Finally, we have the Thief who, after acquiring and stashing six Treasure or Dragon Gem tokens, breaks their undying curse and escapes the cave. The Thief begins their turn by assigning stat tokens to boost one of their three stats. Movement governs how far the Thief can move, Stealth determines how well the Thief can avoid the attacks of other players, and Thievery equals how many Action cubes they receive each turn. As the Thief acquires Treasures and Dragon Gems, they can stash them by returning to the cave entrance. For every treasure stashed, the Thief gains an upgrade from their player board. Stashing loot also raises the Thief’s Loot Level, which determines the rewards for a Knight, Goblins, or Dragon player who kills the Thief. When killed, the Thief returns to the entrance tile as they are cursed to be undying until their curse is lifted. Beyond the five roles, there are also a number of variants included in the rulebook for adding special terrain tiles, playing with any specific permutation of the five roles in a smaller game, and for adjusting the difficulty for specific roles.
Vast was high on my radar dating back to its launch on Kickstarter. The art looked compelling and the fully asymmetrical gameplay was a bold initiative that was fascinating. I was really excited to get some table time with Vast and see its many parts in action.
Quality of Components and Insert
Vast comes with a number of components which I will again describe in role order. Each player role comes with both a meeple and a standee as an option. The Knight has a player board, three bomb tokens, seven Hero cubes, 10 Sidequest cards, Knight player piece, and two cubes to track Health and Grit. The Goblins have a player board, 12 wooden Goblin Discs, four wooden Strength discs, 10 War cards, 10 Monster cards, 10 Secrets cards, three Goblin Tribe pieces, and a Rage token. The Dragon has a player board, one Shriek token, one Flamewall token, the Dragon Die, 18 Power cards, two Dragon pieces (slumbering and awakened), 14 Sloth cubes, one cube for the Eaten Goblins track, one cube to track Health, and three Dragon Gem tokens. The Cave has a player board, 52 cave tiles, 36 Omen tokens and a Draw Bag, nine Crystal tokens, 12 Treasure tokens, three Rockslide tokens, 10 event tokens, 15 Event cards, seven Treasure cards, and one cave reference card. The Thief has a player board, three Stat tokens, one Action die, six Vault tokens, five Action cubes, a Thief piece, and a Loot Drop token. Lastly, there are eight Terrain tiles, two monster tokens, five Role Variant cards, and 25 Difficulty Variant cards.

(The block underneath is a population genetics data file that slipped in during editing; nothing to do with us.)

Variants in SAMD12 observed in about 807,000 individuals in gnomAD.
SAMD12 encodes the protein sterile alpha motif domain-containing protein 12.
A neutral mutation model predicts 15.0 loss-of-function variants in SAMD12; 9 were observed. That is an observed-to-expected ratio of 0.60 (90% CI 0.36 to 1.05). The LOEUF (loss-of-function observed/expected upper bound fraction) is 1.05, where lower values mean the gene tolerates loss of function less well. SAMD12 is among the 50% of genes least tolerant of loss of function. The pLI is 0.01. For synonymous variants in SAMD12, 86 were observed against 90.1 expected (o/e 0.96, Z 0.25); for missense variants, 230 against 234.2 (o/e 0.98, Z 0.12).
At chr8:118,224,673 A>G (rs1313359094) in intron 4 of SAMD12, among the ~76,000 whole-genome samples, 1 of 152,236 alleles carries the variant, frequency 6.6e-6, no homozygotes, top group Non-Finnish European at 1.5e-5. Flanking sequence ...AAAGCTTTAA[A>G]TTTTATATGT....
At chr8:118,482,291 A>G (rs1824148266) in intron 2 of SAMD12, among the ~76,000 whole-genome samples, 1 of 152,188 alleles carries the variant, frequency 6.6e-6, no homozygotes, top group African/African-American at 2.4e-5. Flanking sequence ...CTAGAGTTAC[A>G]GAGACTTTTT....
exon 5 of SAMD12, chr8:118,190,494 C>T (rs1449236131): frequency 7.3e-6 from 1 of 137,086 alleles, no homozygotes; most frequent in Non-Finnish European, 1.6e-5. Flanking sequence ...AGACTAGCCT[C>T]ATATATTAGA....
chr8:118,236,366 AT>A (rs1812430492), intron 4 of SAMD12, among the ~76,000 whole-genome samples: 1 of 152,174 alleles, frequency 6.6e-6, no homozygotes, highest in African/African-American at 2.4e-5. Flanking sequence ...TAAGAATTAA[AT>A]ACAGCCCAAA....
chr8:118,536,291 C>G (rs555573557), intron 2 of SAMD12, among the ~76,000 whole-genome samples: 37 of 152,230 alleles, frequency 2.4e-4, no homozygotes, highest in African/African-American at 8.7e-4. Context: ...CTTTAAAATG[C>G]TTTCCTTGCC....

All of the tokens, tiles, and player boards are thick cardboard with a sturdy feel. The meeples and cubes are on par with what one expects to see in current games. The cards are a medium thickness and have not seen issue through repeated play. There is not a lot of shuffling in Vast, and the decks are small enough that side shuffling is effective to reduce strain. There really isn’t much of an insert to speak of as it is a simple insert to aid shipping more than for storage.